At 1:02 of the second period in Thursday's win over Boston, Predators forward Austin Watson barreled into the slot, snatched a loose puck and whipped it past Bruins goalie Zane McIntyre in the blink of an eye.
It's the kind of scene that's become increasingly familiar to Predators fans, as Watson has points in four-straight games - including three goals.
The goal-scoring, however, has been just a part of an NHL rebirth of sorts for Watson, who's carved out a much-expanded role in recent weeks. He's increased his ice time, worked his way onto a more talented line and even shown a newfound willingness to drop the gloves.
"He's been doing everything right," Preds Head Coach Peter Laviolette said. "His physicality, his defensive play, his offensive play, he's been a real force for our team."
What sparked Watson's improvement?
Much of the change can be traced to Oct. 7, his most difficult moment as a pro. That was the day the Predators placed Watson on waivers, exposing him to the other 29 teams in the League.
The Preds, it should be noted, weren't trying to part ways with Watson.
Nashville ran into a numbers crunch when forming its season-opening roster, and Watson - who hadn't made the kind of impression he'd hoped during training camp - was the odd man out. Because of his age and experience, the 24-year-old Watson needed to pass through waivers before the Preds could assign him to Milwaukee.
Still, the experience of being told he'd been placed on waivers was a blow to Watson, the Predators' first-round draft pick in 2010. He'd shown promise in the minors, putting together three-straight years of at least 20 goals in the American Hockey League.
"It definitely wasn't fun," Watson said of the waiver process. "There's definitely a lot of things that go through your mind because you really don't know what will happen next. It was my fifth or sixth year in the organization, so at that point, you kind of wonder if you're going to get the opportunity to get back."
It turned out that opportunity came very quickly for Watson, who was passed over by every NHL team during the waiver process and sent to Milwaukee.
On Oct. 22, Watson was already on his way back to Nashville, recalled after the Preds were left short-handed due to illness going through the dressing room.
Only a few days later, the 6-foot-4, 204-pound Watson showed at least one new wrinkle in his repertoire, squaring off in a fight against Los Angeles' Derek Forbort. Watson had fought just once in 65 NHL games to that point, but he's dropped the mitts five more times since, leaving him tied for sixth overall in the NHL with six fighting majors this season.
On a team that - prior to Friday's trade for Cody McLeod - lacked a natural "tough guy," Watson took it upon himself to stand up for his teammates.
"I give him a lot of credit for that because that's a tough job," Preds Captain Mike Fisher said. "He's stepped in and in some tough instances, really given us a boost. That's something that's evolved in his role a little bit, and he's done a great job."
Said Watson: "I'm a big guy, and I think I needed to be a little more physical. It kind of comes with the territory. You're either standing up for a teammate, getting some energy or sometimes having to defend yourself."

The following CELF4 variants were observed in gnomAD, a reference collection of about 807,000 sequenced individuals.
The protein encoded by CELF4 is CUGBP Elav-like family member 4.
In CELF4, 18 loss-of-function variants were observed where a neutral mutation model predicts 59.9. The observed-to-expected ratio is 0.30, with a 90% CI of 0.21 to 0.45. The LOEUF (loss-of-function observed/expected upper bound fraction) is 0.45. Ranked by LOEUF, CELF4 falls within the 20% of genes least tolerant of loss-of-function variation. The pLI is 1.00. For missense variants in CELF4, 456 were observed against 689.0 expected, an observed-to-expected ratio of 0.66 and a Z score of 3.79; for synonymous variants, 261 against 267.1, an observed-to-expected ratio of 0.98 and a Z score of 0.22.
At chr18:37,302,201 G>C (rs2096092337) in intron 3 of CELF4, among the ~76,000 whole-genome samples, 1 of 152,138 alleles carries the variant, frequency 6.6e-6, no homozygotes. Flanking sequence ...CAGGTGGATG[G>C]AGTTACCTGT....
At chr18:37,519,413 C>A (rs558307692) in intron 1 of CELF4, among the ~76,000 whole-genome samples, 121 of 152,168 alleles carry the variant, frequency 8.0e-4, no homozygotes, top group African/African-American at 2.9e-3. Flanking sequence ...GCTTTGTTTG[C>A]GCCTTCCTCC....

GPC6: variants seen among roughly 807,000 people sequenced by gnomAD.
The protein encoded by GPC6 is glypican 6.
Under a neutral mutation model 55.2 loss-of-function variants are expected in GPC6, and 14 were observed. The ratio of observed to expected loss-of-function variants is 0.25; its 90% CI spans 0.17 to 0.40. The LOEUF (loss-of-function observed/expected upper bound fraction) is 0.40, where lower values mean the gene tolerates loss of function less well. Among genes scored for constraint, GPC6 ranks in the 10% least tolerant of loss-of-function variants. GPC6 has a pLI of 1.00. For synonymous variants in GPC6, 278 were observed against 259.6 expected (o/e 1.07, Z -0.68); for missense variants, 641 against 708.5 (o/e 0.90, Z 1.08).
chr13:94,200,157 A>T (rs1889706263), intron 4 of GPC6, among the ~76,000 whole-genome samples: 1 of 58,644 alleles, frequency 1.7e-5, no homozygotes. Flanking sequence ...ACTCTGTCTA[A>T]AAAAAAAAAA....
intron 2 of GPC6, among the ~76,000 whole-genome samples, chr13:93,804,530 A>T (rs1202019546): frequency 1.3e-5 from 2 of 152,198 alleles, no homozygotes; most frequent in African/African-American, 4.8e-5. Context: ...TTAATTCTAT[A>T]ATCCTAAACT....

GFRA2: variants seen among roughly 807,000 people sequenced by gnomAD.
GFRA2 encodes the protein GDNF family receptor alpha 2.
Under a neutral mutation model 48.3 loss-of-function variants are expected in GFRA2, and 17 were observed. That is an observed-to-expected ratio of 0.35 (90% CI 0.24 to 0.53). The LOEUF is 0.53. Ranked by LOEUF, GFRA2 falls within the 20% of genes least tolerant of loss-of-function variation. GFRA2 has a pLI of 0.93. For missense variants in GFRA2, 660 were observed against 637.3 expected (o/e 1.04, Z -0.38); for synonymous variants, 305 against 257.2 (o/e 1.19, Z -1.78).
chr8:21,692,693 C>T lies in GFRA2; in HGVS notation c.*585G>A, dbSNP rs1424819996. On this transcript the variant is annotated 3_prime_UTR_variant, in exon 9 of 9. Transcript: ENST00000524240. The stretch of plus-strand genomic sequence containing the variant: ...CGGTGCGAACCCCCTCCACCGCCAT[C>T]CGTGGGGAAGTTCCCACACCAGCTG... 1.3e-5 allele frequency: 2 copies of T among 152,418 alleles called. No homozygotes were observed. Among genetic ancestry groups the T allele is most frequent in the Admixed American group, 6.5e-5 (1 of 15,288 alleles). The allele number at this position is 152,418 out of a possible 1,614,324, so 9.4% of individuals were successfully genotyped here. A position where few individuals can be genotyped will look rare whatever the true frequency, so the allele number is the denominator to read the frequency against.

More subtle changes in his game also started to become apparent for Watson, who hadn't distinguished himself in 2015-16 - his first full season in the NHL. Since returning from Milwaukee, he's looked hungrier - more intent on making things happen - than he had been prior to going on waivers.
"When I came back, there was nothing to lose, so I was just trying to help the team and not be so worried about making mistakes," Watson said. "Mistakes do happen and you definitely need to be aware defensively and make the right decisions for our hockey team. But I've also tried to impact the game in a more positive way."
Added Laviolette: "I think more than anything what I've seen is him wanting to be on the ice, wanting to make a play, to be a difference-maker. I think what happens sometimes when players are trying to make a team is that they almost don't want to make a mistake, and that's the wrong way to go about it. He's just been terrific since he's been back here."
The improvements in Watson's game and his outlook have have led to increased responsibility and opportunity.
He's seen more than 15 minutes of ice time in four of his last five games, including a career-high 17:42 in the 2-1 win over Boston. Watson has also moved up from the Preds' fourth to the third line in the last few games, pairing with Fisher and Colton Sissons for what's proven to be a very productive trio.
Video: BOS@NSH: Watson opens the scoring in the 2nd
The promotion has coincided with Watson's point streak (3g,1a), which becomes all the more impressive considering he'd scored just five goals in his first 98 NHL contests. In fact, his assist on Fisher's game-tying goal versus the Avalanche on Sunday set a new career high in points with 11.
"He's starting to look like the player we drafted - a bigger, more powerful forward," Predators General Manager David Poile said. "In a lot of ways, I guess you could say he's re-invented himself. He's a guy you're really starting to notice because of his tenacity and persistence, so we're really pleased with his progress this first half of the season."
A season that began with so much uncertainty.
"There's no point in looking back now," Watson said. "I'm just looking at every game as an opportunity to prove myself. It's nice to make an impact on the team."